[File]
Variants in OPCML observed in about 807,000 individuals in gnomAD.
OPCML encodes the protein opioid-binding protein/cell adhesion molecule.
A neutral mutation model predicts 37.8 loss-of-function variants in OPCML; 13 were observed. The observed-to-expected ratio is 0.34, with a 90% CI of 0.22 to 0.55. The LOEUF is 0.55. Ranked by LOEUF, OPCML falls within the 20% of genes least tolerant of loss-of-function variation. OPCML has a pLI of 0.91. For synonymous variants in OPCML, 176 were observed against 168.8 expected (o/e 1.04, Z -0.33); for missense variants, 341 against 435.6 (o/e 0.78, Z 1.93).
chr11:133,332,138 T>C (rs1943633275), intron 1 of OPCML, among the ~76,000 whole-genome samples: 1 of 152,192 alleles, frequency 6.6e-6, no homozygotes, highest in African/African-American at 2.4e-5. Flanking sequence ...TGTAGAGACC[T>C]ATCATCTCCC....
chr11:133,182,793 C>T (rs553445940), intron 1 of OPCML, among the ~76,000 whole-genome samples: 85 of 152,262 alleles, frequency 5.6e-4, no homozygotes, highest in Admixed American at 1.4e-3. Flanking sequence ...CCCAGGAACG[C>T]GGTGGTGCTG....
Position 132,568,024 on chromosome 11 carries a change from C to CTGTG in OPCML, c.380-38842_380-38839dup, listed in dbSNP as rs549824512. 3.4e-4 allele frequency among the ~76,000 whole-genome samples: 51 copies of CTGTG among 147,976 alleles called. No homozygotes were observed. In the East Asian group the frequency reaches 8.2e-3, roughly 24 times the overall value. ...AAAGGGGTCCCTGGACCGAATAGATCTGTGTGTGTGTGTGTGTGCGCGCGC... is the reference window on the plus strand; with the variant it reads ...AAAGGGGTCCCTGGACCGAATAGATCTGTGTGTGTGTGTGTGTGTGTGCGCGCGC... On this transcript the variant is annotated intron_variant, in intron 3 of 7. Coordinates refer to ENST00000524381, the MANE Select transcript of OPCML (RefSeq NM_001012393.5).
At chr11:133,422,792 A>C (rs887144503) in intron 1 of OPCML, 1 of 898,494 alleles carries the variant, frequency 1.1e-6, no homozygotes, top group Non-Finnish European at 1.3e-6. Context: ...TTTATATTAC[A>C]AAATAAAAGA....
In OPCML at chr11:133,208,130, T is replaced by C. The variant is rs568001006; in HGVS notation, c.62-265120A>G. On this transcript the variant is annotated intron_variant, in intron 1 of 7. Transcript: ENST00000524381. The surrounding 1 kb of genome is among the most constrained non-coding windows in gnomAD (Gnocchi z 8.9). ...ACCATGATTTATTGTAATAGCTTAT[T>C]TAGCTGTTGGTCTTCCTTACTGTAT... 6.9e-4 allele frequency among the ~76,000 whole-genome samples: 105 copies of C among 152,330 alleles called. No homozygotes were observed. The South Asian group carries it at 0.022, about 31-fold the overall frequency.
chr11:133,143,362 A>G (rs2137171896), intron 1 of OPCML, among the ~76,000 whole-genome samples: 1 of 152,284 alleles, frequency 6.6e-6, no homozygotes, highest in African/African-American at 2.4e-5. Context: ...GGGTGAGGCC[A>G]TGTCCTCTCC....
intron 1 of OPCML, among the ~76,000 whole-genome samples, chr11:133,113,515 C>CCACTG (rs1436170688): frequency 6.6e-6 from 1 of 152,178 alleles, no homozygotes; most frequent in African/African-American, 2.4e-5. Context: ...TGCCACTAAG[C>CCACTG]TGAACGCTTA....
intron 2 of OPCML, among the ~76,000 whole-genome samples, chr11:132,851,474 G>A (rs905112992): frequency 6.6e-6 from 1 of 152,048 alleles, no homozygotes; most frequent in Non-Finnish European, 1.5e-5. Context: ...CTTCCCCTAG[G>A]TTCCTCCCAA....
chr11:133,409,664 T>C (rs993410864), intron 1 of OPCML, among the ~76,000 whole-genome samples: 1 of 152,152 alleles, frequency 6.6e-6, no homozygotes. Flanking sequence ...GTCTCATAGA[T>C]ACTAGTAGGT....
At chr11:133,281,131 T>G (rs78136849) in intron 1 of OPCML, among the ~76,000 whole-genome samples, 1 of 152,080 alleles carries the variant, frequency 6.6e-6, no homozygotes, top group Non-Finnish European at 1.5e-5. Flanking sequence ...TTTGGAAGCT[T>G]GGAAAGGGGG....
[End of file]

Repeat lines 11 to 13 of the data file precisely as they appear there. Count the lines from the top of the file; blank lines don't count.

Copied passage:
intron 2 of OPCML, among the ~76,000 whole-genome samples, chr11:132,851,474 G>A (rs905112992): frequency 6.6e-6 from 1 of 152,048 alleles, no homozygotes; most frequent in Non-Finnish European, 1.5e-5. Context: ...CTTCCCCTAG[G>A]TTCCTCCCAA....
chr11:133,409,664 T>C (rs993410864), intron 1 of OPCML, among the ~76,000 whole-genome samples: 1 of 152,152 alleles, frequency 6.6e-6, no homozygotes. Flanking sequence ...GTCTCATAGA[T>C]ACTAGTAGGT....
At chr11:133,281,131 T>G (rs78136849) in intron 1 of OPCML, among the ~76,000 whole-genome samples, 1 of 152,080 alleles carries the variant, frequency 6.6e-6, no homozygotes, top group Non-Finnish European at 1.5e-5. Flanking sequence ...TTTGGAAGCT[T>G]GGAAAGGGGG....